Sensitivity of end-systolic pressure-dimension and pressure-volume relations to the inotropic state in humans.
The value for the slope of the left ventricular (LV) end-systolic pressure-dimension and pressure-volume relations has been proposed as a quantitative measure of the LV inotropic state. This measure of LV inotropic state is attractive because it is independent of preload and incorporates afterload. To investigate the sensitivity of the slope of these relations to alterations in contractile state, 10 normal subjects were studied using M-mode echocardiographic, phonocardiographic and indirect carotid pulse recordings during infusion of methoxamine to alter end-systolic pressure and during infusion of dobutamine (5 micrograms/kg/min) to increase LV inotropic state. Heart rate was maintained within a narrow range for each subject. End-systolic volume was calculated from end-systolic echocardiographic dimension by standard methods. End-systolic pressure was estimated from the dicrotic notch pressure determined from a calibrated carotid pulse recording; peak systolic pressure was also measured. Regardless of the method of approximating end-systolic pressure, the positive inotropic intervention caused a leftward shift in the end-systolic pressure-dimension and pressure-volume lines. With the dobutamine infusion, the value for the slope of the end-systolic pressure-dimension relation increased by 25% (range 16-46%, p less than 0.001), while the slope of the end-systolic pressure-volume relation increased by 55% (range 37-85%, p less than 0.001). In all cases, the curves were linear and became steeper with the positive inotropic intervention. In contrast, the value of the slope of the peak systolic pressure-end-systolic dimension relation showed a variable response to the dobutamine infusion (mean change 13%, range -77% to 73%; NS). Although the position of the peak systolic pressure-end-systolic dimension curve is consistently shifted with an alteration in inotropic state, the values of the slope of these curves are not reliable indicators of change in LV contractility. The values for the slope of the line relating end-systolic pressure (estimated by dicrotic notch pressure) to end-systolic dimension or volume, however, are highly sensitive to a change in inotropic state in human subjects.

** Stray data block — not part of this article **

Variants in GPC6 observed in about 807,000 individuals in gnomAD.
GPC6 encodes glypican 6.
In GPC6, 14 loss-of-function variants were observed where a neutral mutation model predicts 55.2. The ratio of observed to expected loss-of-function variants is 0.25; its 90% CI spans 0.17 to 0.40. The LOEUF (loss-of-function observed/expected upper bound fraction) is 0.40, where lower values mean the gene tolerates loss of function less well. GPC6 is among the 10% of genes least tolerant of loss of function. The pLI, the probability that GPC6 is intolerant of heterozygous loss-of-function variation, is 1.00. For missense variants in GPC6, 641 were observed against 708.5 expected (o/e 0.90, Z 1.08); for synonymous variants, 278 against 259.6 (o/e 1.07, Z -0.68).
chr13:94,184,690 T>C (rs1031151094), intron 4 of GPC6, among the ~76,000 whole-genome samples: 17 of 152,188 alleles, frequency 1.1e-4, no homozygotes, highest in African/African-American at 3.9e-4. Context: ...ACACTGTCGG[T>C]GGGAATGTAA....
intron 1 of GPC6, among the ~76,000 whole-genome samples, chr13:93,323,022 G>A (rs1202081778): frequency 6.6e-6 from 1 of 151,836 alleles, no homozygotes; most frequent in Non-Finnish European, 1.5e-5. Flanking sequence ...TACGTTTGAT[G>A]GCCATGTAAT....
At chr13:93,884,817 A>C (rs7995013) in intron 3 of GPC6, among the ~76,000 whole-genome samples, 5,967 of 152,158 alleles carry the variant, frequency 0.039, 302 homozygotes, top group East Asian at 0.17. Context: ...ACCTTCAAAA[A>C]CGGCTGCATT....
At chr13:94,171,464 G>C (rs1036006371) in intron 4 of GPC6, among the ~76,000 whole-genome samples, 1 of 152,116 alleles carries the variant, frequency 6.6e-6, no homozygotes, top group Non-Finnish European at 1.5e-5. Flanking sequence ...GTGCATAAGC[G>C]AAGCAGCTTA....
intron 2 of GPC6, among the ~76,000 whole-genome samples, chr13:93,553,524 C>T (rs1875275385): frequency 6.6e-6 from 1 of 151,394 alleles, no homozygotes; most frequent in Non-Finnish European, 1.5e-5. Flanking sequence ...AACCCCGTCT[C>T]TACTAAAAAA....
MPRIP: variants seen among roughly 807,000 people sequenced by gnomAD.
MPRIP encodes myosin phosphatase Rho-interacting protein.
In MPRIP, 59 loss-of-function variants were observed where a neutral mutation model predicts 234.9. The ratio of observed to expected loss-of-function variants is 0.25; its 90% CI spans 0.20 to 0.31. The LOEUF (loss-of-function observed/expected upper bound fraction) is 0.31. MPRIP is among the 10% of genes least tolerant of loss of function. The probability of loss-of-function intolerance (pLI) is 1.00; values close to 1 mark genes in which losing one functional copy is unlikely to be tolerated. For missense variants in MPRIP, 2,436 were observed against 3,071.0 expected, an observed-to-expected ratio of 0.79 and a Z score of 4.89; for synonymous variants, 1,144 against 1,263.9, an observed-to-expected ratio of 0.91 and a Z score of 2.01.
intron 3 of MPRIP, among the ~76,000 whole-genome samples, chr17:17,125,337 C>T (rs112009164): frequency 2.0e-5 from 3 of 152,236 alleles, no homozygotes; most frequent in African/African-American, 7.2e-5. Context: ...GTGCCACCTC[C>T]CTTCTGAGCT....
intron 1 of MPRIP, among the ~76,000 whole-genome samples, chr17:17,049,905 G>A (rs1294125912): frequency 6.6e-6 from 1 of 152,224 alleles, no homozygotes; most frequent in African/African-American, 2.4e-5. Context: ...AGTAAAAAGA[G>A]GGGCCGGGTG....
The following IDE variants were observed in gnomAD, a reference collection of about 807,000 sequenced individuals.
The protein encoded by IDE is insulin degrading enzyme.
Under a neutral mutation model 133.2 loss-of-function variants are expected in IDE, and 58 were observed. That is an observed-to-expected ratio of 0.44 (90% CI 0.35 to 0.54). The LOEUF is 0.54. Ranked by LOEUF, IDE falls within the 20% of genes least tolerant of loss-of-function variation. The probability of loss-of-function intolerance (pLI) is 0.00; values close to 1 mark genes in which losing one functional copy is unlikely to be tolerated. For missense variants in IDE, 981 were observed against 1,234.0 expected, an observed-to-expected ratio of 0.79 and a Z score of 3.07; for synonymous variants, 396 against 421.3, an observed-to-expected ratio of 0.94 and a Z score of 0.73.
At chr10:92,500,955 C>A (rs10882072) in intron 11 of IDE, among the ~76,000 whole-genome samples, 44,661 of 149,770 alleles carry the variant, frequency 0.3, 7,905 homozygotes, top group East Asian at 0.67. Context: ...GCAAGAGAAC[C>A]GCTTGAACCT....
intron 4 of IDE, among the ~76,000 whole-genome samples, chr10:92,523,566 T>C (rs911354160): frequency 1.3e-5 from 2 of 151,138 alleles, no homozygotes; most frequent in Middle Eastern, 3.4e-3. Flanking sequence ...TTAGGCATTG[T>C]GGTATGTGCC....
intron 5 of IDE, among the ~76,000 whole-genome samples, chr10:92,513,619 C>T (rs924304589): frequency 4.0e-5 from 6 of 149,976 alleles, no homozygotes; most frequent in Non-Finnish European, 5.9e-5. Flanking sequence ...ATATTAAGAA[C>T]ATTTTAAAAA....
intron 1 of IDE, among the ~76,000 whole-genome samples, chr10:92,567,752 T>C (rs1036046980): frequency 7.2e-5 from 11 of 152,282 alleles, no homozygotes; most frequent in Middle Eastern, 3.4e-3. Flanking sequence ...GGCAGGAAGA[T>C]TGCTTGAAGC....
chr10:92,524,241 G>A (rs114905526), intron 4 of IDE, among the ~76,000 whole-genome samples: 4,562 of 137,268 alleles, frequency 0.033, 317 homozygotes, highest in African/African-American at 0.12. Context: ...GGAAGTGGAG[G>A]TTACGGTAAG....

- Copyright © 1982 by American Heart Association